In January and February this year EASST partners, the National Automobile Club of Azerbaijan (AMAK), launched a series of inter-school competitions aimed at raising awareness about road safety and the importance of ensuring a safe journey to and from school.
As part of the Road Safety Education project that AMAK has been implementing since September 2016, school children across five pilot schools in Baku were invited to take part in five rounds of competition where they were asked to demonstrate their road safety knowledge as well as to produce materials that could be used to promote road safety more widely. A ‘jury’ made up of AMAK management, representatives of the State Traffic Police Department, the British Embassy in Baku, and the Head of Division for Creativity of the Center for Extracurricular Activities № 46 were enlisted to judge the competitions and announce winners.
Round 1 involved children using art to raise awareness about key road safety messages. They were asked to choose one of the following messages and given an hour to produce a poster that depicted its importance:
- Every child deserves a safe journey to school, including safe roads and speed management around every school.
- Children have to use seatbelts on transport. Seatbelts save lives.
- Parents should use child restraints in their cars for the safety of their kids.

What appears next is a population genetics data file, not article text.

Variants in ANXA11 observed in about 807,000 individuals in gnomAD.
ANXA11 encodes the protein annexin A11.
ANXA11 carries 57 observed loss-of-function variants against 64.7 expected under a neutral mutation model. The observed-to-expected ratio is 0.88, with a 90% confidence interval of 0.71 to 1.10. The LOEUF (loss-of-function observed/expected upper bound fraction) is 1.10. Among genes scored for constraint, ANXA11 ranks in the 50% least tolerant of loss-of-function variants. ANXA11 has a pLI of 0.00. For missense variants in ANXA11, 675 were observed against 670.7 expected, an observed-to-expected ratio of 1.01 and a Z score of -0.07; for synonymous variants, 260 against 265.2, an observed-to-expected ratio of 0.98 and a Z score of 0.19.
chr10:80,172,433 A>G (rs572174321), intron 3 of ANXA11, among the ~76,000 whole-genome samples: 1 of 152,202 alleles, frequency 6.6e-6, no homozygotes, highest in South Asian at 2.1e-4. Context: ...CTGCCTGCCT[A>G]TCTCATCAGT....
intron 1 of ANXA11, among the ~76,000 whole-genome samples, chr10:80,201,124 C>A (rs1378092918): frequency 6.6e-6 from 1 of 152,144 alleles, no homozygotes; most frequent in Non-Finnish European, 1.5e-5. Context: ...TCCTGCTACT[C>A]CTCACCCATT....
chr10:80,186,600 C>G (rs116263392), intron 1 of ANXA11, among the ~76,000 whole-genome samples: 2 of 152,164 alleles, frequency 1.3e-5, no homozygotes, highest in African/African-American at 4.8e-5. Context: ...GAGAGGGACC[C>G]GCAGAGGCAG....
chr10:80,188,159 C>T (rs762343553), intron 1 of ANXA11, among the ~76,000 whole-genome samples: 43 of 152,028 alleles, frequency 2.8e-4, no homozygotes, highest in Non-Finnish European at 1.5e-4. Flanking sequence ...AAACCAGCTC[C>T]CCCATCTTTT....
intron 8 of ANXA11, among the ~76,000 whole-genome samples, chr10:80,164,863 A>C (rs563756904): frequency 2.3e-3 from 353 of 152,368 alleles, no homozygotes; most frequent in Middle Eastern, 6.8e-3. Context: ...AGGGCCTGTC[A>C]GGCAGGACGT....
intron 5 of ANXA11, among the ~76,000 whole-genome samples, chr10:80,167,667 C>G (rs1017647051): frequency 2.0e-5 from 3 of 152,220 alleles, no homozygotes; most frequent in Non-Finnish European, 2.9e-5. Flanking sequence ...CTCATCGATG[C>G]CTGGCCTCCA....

- Drinking and driving is one of the main causes of road crashes worldwide. Drink drivers must be punished by law.
- Children must use helmets while cycling. Wearing a helmet decreases the likelihood of death and the risk of injuries.
During Round 2, kids teamed up with their schoolmates to present their Road Safety learning to the jury. The children asked various questions on the materials they had been learning about during the Road Safety Education project, as well as presenting different images depicting road safety violations by both pedestrians and drivers. At the end of the contest the jury member asked the team captains several open-ended questions on road safety situations to summarise their evaluations.
For Round 3 the schoolchildren were required to make an educational video on road safety. The participating children were lead by student volunteers from the ADA and Qafqaz University who have acted as ‘road safety trainers’ throughout the project. The children observed pedestrians and drivers around their schools who were violating road safety rules and then approached them to inform them about the dangers they were posing as well as share their knowledge on what should be done in certain ‘dangerous’ situations. The recorded the whole process which was later presented as a video clip during the competition.
Round 4 involved children using drama to demonstrate the key road risks around their schools and how to respond in different situations. Each school selected a different road safety situation which they summarised through a short sketch, summarising each sketch as a reminder of important road safety messages.
Finally, the children were asked to prepare a set of road safety recommendations based on “what would I do if I were a government representative?” Each team presented their suggestions to the jury members on what they would like to change considering the daily challenges they face while travelling to and from school as well as using public transport as a road user.
The winners of each competition were selected by the jury members, and the winners will be announced during a final event to be organised which will be attended by the childrens’ parents.